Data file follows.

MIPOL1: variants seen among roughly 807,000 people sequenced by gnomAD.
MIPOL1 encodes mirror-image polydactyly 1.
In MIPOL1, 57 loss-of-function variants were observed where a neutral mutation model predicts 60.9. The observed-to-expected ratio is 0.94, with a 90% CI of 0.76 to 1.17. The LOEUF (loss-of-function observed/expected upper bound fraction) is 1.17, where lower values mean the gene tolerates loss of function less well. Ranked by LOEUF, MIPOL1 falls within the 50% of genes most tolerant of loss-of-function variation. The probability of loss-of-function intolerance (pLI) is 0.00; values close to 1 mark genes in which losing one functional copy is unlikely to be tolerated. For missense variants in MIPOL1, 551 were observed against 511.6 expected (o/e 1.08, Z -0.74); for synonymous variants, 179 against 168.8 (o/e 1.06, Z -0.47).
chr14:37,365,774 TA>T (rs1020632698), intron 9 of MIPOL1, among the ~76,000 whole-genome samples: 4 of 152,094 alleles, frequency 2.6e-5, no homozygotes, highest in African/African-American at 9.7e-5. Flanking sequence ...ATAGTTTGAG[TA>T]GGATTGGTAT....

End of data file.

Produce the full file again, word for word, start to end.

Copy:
MIPOL1: variants seen among roughly 807,000 people sequenced by gnomAD.
MIPOL1 encodes mirror-image polydactyly 1.
In MIPOL1, 57 loss-of-function variants were observed where a neutral mutation model predicts 60.9. The observed-to-expected ratio is 0.94, with a 90% CI of 0.76 to 1.17. The LOEUF (loss-of-function observed/expected upper bound fraction) is 1.17, where lower values mean the gene tolerates loss of function less well. Ranked by LOEUF, MIPOL1 falls within the 50% of genes most tolerant of loss-of-function variation. The probability of loss-of-function intolerance (pLI) is 0.00; values close to 1 mark genes in which losing one functional copy is unlikely to be tolerated. For missense variants in MIPOL1, 551 were observed against 511.6 expected (o/e 1.08, Z -0.74); for synonymous variants, 179 against 168.8 (o/e 1.06, Z -0.47).
chr14:37,365,774 TA>T (rs1020632698), intron 9 of MIPOL1, among the ~76,000 whole-genome samples: 4 of 152,094 alleles, frequency 2.6e-5, no homozygotes, highest in African/African-American at 9.7e-5. Flanking sequence ...ATAGTTTGAG[TA>T]GGATTGGTAT....